A: Snoring can be a problem when it’s waking you up or keeping your partner awake. It is especially concerning if you stop breathing while you sleep, which could be an indicator of sleep apnea.
Q: What can I expect during a sleep study?
A: Before your first visit, you will be given a sleep questionnaire to complete. More information and testing may be needed to determine the type of test that is best for your sleep problem (polysomnogram or home sleep study).
If your provider orders a polysomnogram, we will ask you to come to one of our sleep laboratory locations. You sleep overnight in a private room while we record your nighttime sleep patterns. To do this, our technicians attach electrodes to your head and body to monitor brain waves, muscle movements, breathing, snoring, and heart rate. Soft belts around your chest and waist monitor breathing. A sensor attached to your finger keeps track of heart rate and blood oxygen levels. A video camera is used to determine your sleeping position and body movements.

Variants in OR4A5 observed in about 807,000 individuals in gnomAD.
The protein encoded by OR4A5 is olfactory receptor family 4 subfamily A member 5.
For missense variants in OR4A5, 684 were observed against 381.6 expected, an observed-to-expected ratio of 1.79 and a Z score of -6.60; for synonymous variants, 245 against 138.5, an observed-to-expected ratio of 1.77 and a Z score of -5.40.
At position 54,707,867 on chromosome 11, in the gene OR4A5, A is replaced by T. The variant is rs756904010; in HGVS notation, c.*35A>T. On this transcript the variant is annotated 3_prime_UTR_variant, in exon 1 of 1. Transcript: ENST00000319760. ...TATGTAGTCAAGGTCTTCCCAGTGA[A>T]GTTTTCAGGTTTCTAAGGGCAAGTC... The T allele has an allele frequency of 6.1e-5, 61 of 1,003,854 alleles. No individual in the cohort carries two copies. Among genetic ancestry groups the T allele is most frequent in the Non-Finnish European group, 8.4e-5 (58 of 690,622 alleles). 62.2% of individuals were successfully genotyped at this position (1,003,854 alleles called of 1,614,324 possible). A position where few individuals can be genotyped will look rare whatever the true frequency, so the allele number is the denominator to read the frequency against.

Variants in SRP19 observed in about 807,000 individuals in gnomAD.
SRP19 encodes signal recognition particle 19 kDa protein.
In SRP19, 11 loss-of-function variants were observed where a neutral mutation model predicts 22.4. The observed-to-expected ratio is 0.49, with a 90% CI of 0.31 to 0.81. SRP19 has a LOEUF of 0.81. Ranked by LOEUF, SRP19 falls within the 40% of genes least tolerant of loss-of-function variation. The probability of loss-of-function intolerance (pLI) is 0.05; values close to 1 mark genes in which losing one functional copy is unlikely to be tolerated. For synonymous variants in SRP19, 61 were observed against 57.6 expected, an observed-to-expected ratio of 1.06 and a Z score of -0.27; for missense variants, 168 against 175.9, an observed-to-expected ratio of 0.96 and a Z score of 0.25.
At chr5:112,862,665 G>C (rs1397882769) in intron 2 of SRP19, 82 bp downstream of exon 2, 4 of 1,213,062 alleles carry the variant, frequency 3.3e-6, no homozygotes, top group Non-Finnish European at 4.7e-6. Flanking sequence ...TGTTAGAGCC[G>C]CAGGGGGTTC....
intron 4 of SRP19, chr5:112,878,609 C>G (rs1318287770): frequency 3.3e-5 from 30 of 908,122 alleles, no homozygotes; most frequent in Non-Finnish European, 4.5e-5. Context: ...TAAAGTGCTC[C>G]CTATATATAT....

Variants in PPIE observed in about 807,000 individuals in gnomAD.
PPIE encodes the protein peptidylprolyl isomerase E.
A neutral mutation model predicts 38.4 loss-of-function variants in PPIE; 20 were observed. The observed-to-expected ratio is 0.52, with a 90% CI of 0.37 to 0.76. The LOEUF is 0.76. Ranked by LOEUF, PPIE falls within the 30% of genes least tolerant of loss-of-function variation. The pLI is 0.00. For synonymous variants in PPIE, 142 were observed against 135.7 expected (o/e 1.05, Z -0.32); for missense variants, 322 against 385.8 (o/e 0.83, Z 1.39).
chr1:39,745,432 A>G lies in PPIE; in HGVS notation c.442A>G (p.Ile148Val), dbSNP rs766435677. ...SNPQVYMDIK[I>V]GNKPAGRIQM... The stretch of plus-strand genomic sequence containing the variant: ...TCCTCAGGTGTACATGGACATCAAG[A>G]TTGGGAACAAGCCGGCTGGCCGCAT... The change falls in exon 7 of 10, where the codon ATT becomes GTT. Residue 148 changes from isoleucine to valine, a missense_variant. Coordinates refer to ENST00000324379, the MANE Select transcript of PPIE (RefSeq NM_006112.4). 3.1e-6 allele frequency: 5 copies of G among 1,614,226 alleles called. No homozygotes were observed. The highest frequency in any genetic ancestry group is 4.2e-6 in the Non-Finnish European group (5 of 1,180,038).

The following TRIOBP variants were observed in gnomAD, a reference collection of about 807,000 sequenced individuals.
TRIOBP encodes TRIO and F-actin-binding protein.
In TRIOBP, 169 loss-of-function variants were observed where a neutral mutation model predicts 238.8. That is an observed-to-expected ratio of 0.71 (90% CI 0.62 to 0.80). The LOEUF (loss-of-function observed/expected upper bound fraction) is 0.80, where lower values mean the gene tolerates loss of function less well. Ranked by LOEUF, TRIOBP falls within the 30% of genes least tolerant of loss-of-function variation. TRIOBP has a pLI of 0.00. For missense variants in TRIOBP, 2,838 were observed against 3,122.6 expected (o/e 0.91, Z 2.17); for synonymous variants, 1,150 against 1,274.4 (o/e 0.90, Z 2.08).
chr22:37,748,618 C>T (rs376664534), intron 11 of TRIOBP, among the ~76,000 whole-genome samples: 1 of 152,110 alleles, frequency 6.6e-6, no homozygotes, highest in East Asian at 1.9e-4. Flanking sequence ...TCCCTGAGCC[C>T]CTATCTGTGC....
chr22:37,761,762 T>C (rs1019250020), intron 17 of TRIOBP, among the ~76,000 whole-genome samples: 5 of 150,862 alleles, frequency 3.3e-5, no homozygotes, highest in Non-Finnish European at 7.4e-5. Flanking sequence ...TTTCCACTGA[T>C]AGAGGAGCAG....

If necessary, a technician may wake you up during the night and ask you to wear a mask covering your nose and/or mouth to deliver continuous positive airway pressure (CPAP). This may help with your breathing while you sleep.
For some individuals, a more limited sleep study that can be performed at home can be offered.
During the follow-up appointment, your sleep medicine provider will discuss any test findings and next steps. These could include a variety of treatment options, depending on your condition, ranging from: